So yesterday my article in Newsweek appeared on why the Jewish community and Israel should stop trying to block the Iran deal.  I had wanted to publish the article in the Jewish world, but when the Jewish Week did not get back to me, it was simpler just to use it as my weekly column .  Its so strange that this matter has turned into such a litmus test, when I am still waiting for one person to show me how opposing the agreement turns out good for Israel.  On one of the most important items in Israel’s security, both the agreement and more importantly our relations with the United States, politics are dominating, both Israeli and American.  No serious discussion is taking place here.  I remain frustrated by the lack of thought.

I am a bit humored by the fact that commentators in the US have been criticizing the hearing on the topics, while in Israel people can only stare in amazement at what seems to be the seriousness of the hearing.  Here there have been “public hearings” on the agreement between the government and the gas companies. The hearings were forced by the courts and have not been taken seriously by the government



Yesterday I wrote an article in the Times of Israel, Why I thought it was crazy for the Israeli government to continue opposing the agreement with Iran, and agreement which is less then optimal. Last night I received the E-mail that said that AIPAC and other Jewish organizations are all in, in their opposition.  I think it’s crazy and self defeating.  Not one person can explain to me scenario how this ends well.  But instead like lemmings the American Jewish community and most Israelis politicians keep saying the same thing.  What is the alternative- “A Better Deal”.  Yes it would have been better to have a better deal, but considering where we are now, that is impossible.  After I said it’s a fight we can’t win, he said it’s better to fight and lose then not fight at all.  My answer, that is for people not for nations.  We should not fight a fight we cannot lose, and even if we win we lose.  Not sure what I can do, but I will continue trying to bring some sense somewhere.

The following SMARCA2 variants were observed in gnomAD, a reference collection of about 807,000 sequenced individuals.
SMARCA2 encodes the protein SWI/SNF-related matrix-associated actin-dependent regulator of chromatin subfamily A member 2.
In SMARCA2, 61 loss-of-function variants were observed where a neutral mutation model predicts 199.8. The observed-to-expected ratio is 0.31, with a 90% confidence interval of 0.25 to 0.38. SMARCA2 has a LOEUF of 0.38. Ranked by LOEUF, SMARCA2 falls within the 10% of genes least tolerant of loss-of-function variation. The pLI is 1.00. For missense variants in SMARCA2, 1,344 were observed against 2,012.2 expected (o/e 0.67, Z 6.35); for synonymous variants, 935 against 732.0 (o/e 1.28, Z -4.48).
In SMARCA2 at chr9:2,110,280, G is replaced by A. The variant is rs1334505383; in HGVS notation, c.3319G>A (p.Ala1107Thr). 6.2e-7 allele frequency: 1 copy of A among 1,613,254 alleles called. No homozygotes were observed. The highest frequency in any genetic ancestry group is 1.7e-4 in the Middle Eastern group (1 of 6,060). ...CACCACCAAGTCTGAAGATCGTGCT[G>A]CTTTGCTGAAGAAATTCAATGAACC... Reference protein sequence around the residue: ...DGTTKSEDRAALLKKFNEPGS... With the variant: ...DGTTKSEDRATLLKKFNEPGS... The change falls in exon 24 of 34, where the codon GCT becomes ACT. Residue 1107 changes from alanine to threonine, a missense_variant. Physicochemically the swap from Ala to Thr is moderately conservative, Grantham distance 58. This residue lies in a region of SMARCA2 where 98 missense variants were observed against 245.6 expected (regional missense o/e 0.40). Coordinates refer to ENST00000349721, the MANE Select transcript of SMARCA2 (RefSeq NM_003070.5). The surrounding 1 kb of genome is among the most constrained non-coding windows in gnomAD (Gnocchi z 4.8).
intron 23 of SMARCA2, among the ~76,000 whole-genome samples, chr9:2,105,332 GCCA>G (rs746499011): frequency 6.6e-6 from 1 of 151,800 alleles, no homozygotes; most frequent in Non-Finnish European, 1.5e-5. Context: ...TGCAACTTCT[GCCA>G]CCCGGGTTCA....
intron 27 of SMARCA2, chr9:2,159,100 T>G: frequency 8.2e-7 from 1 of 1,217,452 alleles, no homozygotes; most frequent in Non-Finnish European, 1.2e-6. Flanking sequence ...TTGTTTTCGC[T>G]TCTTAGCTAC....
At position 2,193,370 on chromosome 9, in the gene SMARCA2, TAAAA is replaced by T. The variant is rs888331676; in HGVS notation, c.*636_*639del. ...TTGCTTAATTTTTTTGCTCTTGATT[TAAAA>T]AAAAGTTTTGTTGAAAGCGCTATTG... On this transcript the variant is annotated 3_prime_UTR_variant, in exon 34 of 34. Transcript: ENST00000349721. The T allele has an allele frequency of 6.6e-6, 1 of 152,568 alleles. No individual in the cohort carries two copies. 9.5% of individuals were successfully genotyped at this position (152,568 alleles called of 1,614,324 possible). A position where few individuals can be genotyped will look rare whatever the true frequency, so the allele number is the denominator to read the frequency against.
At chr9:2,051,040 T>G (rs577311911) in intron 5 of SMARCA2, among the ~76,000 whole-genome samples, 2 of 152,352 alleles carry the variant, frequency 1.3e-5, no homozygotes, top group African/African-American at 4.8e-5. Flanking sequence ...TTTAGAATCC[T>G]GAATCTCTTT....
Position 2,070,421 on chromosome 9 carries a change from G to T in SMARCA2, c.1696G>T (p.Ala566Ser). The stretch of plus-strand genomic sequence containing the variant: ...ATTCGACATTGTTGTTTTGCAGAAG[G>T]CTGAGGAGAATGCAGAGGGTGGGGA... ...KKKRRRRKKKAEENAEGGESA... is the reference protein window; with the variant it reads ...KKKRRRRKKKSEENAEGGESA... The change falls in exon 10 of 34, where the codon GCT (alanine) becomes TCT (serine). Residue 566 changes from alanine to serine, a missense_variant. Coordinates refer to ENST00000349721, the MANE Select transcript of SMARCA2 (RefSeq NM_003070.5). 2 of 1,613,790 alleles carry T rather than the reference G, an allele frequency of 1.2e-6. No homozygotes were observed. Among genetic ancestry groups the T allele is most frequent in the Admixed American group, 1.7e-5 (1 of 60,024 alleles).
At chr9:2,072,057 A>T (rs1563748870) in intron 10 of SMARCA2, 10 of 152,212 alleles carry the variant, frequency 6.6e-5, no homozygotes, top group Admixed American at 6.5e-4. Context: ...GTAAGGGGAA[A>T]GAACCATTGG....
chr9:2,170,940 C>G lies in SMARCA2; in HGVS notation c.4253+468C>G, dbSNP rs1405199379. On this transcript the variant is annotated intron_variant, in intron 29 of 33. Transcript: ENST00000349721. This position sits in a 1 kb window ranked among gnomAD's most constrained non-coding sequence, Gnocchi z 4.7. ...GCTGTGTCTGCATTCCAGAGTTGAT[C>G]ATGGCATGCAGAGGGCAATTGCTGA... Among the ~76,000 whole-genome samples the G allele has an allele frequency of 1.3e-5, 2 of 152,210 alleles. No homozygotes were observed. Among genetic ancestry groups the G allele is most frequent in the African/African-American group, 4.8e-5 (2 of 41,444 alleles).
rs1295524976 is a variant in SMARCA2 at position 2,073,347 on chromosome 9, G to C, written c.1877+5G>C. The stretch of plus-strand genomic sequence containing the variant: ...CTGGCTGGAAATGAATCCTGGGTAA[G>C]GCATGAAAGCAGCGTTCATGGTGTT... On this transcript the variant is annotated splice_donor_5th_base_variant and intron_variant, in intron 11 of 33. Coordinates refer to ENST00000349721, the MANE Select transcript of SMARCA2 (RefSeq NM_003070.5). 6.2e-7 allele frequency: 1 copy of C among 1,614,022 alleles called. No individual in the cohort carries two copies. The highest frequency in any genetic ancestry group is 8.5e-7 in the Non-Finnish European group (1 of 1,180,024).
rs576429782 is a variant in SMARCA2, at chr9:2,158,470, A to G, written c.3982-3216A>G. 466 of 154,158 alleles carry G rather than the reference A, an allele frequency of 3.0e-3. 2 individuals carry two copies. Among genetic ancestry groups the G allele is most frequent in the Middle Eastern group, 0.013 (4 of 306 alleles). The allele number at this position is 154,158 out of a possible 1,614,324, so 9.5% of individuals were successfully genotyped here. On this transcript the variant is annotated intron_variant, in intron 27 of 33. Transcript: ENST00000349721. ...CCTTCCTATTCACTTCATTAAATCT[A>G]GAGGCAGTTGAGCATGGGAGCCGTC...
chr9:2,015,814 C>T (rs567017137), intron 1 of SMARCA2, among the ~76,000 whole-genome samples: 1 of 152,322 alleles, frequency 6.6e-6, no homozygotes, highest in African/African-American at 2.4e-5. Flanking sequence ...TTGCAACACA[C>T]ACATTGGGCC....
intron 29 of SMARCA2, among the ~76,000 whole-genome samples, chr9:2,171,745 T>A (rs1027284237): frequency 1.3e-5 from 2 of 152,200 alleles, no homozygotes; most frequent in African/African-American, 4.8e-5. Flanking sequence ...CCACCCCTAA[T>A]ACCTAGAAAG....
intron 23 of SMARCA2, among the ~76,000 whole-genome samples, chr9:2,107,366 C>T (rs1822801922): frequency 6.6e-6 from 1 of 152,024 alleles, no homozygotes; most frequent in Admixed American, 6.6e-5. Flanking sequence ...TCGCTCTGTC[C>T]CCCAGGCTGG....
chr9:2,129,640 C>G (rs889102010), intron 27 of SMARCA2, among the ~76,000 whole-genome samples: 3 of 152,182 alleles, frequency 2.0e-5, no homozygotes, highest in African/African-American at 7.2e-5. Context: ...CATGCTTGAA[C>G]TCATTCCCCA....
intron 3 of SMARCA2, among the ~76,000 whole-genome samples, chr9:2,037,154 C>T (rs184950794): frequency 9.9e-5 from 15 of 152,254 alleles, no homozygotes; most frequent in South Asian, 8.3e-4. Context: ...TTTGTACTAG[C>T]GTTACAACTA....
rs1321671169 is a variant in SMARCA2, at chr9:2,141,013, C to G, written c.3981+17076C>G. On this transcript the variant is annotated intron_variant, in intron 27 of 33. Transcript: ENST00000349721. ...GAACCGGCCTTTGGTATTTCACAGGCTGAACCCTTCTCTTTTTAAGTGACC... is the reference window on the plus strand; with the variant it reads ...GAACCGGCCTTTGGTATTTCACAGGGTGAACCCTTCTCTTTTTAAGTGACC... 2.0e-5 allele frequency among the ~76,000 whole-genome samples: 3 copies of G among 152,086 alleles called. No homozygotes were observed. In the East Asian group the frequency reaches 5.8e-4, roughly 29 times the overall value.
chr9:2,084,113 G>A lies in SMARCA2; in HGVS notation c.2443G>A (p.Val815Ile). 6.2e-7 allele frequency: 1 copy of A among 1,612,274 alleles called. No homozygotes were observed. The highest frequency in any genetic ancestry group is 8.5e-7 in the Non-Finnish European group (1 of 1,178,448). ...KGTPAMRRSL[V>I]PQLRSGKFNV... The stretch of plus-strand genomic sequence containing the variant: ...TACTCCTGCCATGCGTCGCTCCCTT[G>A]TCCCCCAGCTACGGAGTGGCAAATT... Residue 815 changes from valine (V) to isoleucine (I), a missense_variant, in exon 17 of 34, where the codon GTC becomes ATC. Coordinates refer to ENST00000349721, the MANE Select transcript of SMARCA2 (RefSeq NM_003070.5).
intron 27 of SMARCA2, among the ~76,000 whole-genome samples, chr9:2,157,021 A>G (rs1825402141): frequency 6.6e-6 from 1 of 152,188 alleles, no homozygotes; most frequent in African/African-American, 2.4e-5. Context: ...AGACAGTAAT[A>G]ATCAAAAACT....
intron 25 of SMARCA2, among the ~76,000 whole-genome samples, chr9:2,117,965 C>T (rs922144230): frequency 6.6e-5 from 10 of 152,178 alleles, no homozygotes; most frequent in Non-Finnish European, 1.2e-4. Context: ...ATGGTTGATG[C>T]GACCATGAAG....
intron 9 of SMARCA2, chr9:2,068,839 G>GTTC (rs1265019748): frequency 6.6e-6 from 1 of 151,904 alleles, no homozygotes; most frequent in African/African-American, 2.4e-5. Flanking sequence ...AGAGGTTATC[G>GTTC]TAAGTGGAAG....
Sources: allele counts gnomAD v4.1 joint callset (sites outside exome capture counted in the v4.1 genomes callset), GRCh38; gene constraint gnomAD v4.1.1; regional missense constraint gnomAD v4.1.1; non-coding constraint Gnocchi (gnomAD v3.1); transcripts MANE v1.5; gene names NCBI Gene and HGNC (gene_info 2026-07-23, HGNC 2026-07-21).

The Iran Agreement

So the agreement has been reached in Vienna, and I must say I have rather mixed feelings about it.  I have read the full agreement, and I have issues with many items. I have no doubt that with a different negotiator America might  have done better.  That said the US was never going to get the agreement that Netanyahu wanted.  This agreement does freeze the Iranian program for between 10-15 years, and does bring the break out time to a bomb from 3 months to a year.  All good accomplishments.  Its geopolitical implications however, are bad.  The bottom line what was the alternative? Yes maybe a better negotiating team( certainly not Bibi based on his success in negotiating a coalition agreement)might of had a better outcome- but could anyone have gotten the Iranians to agree to a 25 year agreement instead of 15?  Could anyone have gotten them to agree to immediate inspections of any and all of their military bases?  I truly do not know.  The moral implications of negotiating any agreement with the Iranian regime are problematic- but what was/is the alternative.


I do think that Israel will be making a mistake if it actively lobbies Congress.  Whatever it wants to do quietly is fine, but I was very surprised by what Lapid said to me on the phone during the interview i had with him today.

Talks in Vienna